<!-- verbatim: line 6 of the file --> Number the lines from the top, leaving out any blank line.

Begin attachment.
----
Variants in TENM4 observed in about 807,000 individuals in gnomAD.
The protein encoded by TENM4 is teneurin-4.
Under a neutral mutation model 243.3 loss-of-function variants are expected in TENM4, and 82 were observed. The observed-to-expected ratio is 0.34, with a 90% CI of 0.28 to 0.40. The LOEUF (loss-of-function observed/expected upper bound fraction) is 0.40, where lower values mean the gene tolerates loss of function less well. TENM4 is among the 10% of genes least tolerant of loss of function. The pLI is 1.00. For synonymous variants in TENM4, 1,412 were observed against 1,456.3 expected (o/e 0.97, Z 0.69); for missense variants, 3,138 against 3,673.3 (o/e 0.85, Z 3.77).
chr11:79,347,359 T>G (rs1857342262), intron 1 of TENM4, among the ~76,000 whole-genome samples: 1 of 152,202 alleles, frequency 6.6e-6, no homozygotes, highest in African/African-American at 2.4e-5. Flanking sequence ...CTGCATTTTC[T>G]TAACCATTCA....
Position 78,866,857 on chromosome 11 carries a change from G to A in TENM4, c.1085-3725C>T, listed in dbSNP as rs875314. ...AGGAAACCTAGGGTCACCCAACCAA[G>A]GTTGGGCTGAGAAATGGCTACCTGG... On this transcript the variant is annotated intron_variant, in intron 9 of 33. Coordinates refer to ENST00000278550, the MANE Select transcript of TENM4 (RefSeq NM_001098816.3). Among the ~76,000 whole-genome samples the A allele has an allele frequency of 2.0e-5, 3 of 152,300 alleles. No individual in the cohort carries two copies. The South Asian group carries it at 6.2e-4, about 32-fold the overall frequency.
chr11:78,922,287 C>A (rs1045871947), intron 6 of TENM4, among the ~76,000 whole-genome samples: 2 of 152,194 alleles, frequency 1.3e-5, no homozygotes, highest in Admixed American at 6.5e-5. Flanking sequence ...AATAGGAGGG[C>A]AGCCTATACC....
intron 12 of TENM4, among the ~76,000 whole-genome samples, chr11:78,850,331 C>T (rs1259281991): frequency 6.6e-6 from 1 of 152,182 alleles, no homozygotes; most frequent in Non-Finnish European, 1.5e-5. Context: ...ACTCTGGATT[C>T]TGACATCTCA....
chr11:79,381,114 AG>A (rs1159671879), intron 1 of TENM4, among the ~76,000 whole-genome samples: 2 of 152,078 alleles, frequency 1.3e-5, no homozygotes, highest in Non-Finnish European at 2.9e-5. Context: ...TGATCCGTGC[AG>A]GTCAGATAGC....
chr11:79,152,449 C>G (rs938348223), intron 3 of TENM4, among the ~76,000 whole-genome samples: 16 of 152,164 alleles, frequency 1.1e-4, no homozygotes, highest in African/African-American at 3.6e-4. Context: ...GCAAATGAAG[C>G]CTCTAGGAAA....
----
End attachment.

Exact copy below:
chr11:78,922,287 C>A (rs1045871947), intron 6 of TENM4, among the ~76,000 whole-genome samples: 2 of 152,194 alleles, frequency 1.3e-5, no homozygotes, highest in Admixed American at 6.5e-5. Flanking sequence ...AATAGGAGGG[C>A]AGCCTATACC....